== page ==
I had been with the legal team for about three years. There have been so many challenges and ups and downs and there were many times when I really thought I was in over my head and that I was never going to be good enough. One of our sports Marketing Directors was trying to sign the next big football star (at the time), and he asked our Managing Attorney to travel to London with him for the final (heated) round of negotiation. The managing attorney (my boss at the time) had a conflict as did all of the other lawyers on our team. I was the only one available. I flew to London and helped him negotiate and sign the deal. It was the first time that I spread my wings and negotiated a contract on my own. It was a turning point in my career because, not only did I realize I loved doing that work, but I also realized I was more than capable of doing it. Every time I see that athlete on pitch, I am reminded of that moment and that feels pretty great.

I have worked at least one day from home for the past 10 years or so. I have always found that I get more done at home than I do in the office. I do not have to commute or have multiple distractions. I am able to put my head down and focus. Not to mention the fact that you can get a lot done in the house. I can run simple errands, clean, shop, etc., without it impacting my workday. It gives me more freedom on the weekend to do nicer things or study. My goal (pre-Covid) was to work two days from home and three days in the office. Covid accelerated that for everyone.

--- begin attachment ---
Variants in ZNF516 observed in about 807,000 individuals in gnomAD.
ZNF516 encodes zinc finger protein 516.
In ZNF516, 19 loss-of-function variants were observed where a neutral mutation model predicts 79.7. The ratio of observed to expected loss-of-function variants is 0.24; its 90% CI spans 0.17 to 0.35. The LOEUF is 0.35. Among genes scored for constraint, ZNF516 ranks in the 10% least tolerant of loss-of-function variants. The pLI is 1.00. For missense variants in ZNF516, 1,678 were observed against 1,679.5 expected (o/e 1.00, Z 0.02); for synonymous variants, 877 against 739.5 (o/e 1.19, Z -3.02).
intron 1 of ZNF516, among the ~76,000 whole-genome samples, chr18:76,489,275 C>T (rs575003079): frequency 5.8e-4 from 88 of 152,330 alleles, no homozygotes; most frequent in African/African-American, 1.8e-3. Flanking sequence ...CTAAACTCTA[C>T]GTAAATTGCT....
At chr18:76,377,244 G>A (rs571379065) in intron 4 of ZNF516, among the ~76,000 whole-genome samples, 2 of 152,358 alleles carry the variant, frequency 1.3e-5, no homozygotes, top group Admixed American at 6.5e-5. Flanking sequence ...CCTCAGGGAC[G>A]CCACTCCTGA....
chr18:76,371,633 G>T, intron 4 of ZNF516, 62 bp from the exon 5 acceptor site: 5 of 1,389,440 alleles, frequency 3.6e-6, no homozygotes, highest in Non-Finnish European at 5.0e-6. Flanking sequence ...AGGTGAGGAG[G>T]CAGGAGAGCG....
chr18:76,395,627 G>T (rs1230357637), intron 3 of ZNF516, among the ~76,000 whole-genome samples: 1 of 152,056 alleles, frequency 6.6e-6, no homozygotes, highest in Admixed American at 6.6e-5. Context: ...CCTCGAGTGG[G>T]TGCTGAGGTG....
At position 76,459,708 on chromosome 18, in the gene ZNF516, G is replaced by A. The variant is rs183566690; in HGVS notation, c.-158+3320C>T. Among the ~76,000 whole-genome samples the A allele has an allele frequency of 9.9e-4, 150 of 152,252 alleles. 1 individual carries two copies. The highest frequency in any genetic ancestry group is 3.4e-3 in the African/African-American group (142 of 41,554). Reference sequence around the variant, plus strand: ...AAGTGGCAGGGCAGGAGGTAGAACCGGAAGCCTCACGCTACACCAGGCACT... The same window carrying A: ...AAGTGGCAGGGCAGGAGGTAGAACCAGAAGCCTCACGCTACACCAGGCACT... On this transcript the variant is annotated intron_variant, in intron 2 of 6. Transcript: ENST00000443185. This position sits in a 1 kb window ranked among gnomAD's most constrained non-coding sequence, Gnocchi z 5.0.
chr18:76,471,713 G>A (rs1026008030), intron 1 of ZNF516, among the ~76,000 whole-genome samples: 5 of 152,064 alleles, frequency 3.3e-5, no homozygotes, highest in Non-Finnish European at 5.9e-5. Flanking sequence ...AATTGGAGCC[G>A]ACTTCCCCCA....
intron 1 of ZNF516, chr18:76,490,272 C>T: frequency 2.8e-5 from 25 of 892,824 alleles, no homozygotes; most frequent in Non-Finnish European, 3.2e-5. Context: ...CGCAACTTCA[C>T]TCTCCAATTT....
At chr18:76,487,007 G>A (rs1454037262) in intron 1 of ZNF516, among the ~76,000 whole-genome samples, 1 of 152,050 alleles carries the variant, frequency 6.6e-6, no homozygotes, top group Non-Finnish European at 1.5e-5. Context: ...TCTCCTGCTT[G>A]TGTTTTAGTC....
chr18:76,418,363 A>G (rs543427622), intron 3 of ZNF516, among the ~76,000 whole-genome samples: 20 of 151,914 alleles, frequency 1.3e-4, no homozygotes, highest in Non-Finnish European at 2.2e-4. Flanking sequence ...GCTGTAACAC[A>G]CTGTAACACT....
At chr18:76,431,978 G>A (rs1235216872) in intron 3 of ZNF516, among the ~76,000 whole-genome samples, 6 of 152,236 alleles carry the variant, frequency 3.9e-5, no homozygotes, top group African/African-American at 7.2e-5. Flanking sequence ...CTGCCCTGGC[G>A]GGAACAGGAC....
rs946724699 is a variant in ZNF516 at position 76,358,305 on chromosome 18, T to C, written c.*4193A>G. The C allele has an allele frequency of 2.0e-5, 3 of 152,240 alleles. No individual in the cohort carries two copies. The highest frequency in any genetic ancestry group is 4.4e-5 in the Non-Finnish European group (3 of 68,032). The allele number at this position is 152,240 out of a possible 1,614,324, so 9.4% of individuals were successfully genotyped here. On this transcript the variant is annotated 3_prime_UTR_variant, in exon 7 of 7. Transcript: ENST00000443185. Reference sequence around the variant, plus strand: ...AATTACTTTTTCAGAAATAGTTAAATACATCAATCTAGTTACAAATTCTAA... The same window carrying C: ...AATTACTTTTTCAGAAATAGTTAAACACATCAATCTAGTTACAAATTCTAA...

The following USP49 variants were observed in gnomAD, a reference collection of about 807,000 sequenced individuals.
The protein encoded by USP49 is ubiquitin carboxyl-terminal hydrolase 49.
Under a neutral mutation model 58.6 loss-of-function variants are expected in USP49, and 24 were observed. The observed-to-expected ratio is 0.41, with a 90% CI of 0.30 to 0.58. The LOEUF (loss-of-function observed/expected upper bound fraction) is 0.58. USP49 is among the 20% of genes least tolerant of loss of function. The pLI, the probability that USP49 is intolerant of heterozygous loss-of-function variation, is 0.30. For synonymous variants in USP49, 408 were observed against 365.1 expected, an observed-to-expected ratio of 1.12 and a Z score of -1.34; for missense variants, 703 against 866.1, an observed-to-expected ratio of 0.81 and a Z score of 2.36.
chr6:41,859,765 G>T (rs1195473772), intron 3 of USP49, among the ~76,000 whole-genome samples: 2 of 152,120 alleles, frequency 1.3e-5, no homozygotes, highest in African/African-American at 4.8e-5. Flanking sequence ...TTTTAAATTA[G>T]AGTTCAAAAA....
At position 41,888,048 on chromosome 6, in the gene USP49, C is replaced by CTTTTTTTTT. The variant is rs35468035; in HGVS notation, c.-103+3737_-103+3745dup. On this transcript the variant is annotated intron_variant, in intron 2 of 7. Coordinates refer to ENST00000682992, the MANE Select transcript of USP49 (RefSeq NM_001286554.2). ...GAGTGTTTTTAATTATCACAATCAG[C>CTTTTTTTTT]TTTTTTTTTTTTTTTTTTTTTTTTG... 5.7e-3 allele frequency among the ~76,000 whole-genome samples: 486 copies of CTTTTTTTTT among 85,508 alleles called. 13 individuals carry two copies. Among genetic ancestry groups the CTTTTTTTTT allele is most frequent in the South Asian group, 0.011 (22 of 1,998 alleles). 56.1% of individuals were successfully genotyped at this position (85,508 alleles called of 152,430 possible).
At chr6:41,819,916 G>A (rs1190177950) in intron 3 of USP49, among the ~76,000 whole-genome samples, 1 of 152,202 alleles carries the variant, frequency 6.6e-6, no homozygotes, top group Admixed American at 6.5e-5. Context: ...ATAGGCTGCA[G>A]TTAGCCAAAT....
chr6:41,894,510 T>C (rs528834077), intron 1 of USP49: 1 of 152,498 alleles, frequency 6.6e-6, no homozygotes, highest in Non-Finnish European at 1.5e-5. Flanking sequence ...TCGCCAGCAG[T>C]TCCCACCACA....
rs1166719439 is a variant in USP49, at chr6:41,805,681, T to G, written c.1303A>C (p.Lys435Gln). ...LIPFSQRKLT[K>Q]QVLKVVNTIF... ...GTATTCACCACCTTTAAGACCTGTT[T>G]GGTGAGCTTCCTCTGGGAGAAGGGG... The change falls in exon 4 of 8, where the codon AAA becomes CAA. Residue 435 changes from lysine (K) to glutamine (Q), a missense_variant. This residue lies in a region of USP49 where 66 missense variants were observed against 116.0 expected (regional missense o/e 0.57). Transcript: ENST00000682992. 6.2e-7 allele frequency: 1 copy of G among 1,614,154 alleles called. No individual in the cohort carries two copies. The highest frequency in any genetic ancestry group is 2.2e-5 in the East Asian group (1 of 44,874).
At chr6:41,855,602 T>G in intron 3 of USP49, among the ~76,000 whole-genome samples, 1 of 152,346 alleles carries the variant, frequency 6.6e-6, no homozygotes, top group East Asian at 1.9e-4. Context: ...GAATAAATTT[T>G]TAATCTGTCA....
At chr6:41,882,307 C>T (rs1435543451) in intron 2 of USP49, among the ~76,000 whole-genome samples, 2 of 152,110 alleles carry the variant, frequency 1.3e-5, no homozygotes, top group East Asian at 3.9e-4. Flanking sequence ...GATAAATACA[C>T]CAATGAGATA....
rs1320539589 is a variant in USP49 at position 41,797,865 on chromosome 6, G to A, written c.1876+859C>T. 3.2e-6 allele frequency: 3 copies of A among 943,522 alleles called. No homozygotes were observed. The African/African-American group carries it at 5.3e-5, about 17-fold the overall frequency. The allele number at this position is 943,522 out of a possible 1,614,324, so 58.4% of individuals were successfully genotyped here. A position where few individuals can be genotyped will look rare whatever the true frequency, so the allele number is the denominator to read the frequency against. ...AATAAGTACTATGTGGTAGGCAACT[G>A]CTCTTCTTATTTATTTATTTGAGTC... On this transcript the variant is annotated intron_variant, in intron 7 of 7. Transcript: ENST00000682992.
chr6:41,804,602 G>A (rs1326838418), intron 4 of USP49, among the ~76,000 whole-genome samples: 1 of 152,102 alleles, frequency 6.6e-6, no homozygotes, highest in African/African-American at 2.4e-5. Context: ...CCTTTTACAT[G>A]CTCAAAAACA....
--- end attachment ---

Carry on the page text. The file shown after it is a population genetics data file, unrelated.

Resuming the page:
Nike is all about flexible working. When I first started at Nike, the hours were flexible (you could come in anytime from 6am to 9am and leave at the corresponding time eight hours later…of course, this depends on team requirements. That was a game-changer for me since I had always worked nine-to-five jobs where you had to be ready and at your desk precisely at 9am and could not leave a minute before 5pm or 6pm, generally. Having the flexibility to determine my schedule opened up so much freedom for me. There is a real focus now at Nike in trying to ensure the right work/life balance trying to combat Zoom-fatigue, ensure people are taking enough time off and truly disconnecting. It is refreshing to have an employer who seems to really care about rest and recovery.

Nike is a very “work hard/play hard” setting. When I onboard new employees on our team, they sometimes struggle to adapt at first, especially if they have come from a law firm where things are more rigid. We have a lot of work to do but we are given the freedom to decide when and how we get the work done. It’s liberating.